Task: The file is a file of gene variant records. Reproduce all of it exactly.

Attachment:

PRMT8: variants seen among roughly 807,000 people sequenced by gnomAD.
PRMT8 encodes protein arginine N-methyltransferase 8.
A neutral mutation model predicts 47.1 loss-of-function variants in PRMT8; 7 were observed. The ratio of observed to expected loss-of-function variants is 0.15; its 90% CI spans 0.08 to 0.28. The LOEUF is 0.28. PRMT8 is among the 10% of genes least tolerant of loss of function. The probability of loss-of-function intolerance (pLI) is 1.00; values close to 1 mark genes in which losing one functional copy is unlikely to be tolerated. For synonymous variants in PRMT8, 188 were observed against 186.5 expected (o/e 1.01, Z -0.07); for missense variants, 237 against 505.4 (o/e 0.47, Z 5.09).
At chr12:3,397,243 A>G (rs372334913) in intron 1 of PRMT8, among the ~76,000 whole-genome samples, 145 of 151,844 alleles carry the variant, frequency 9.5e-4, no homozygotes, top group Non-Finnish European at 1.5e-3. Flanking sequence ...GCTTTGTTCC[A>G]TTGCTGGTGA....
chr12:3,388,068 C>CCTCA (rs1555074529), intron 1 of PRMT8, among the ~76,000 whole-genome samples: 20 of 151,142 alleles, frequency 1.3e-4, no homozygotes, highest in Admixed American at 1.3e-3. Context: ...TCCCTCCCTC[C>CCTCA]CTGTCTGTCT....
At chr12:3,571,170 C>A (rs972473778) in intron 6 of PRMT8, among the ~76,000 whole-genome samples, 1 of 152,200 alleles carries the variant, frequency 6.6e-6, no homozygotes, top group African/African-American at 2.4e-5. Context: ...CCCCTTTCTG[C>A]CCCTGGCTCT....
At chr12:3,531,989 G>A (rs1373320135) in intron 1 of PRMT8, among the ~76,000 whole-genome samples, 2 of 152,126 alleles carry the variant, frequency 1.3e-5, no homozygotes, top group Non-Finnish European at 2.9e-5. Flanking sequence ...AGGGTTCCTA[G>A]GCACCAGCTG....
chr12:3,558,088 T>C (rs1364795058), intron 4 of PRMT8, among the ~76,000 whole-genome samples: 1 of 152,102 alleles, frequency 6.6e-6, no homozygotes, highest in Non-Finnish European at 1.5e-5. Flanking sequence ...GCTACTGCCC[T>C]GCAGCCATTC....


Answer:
PRMT8: variants seen among roughly 807,000 people sequenced by gnomAD.
PRMT8 encodes protein arginine N-methyltransferase 8.
A neutral mutation model predicts 47.1 loss-of-function variants in PRMT8; 7 were observed. The ratio of observed to expected loss-of-function variants is 0.15; its 90% CI spans 0.08 to 0.28. The LOEUF is 0.28. PRMT8 is among the 10% of genes least tolerant of loss of function. The probability of loss-of-function intolerance (pLI) is 1.00; values close to 1 mark genes in which losing one functional copy is unlikely to be tolerated. For synonymous variants in PRMT8, 188 were observed against 186.5 expected (o/e 1.01, Z -0.07); for missense variants, 237 against 505.4 (o/e 0.47, Z 5.09).
At chr12:3,397,243 A>G (rs372334913) in intron 1 of PRMT8, among the ~76,000 whole-genome samples, 145 of 151,844 alleles carry the variant, frequency 9.5e-4, no homozygotes, top group Non-Finnish European at 1.5e-3. Flanking sequence ...GCTTTGTTCC[A>G]TTGCTGGTGA....
chr12:3,388,068 C>CCTCA (rs1555074529), intron 1 of PRMT8, among the ~76,000 whole-genome samples: 20 of 151,142 alleles, frequency 1.3e-4, no homozygotes, highest in Admixed American at 1.3e-3. Context: ...TCCCTCCCTC[C>CCTCA]CTGTCTGTCT....
At chr12:3,571,170 C>A (rs972473778) in intron 6 of PRMT8, among the ~76,000 whole-genome samples, 1 of 152,200 alleles carries the variant, frequency 6.6e-6, no homozygotes, top group African/African-American at 2.4e-5. Context: ...CCCCTTTCTG[C>A]CCCTGGCTCT....
At chr12:3,531,989 G>A (rs1373320135) in intron 1 of PRMT8, among the ~76,000 whole-genome samples, 2 of 152,126 alleles carry the variant, frequency 1.3e-5, no homozygotes, top group Non-Finnish European at 2.9e-5. Flanking sequence ...AGGGTTCCTA[G>A]GCACCAGCTG....
chr12:3,558,088 T>C (rs1364795058), intron 4 of PRMT8, among the ~76,000 whole-genome samples: 1 of 152,102 alleles, frequency 6.6e-6, no homozygotes, highest in Non-Finnish European at 1.5e-5. Flanking sequence ...GCTACTGCCC[T>C]GCAGCCATTC....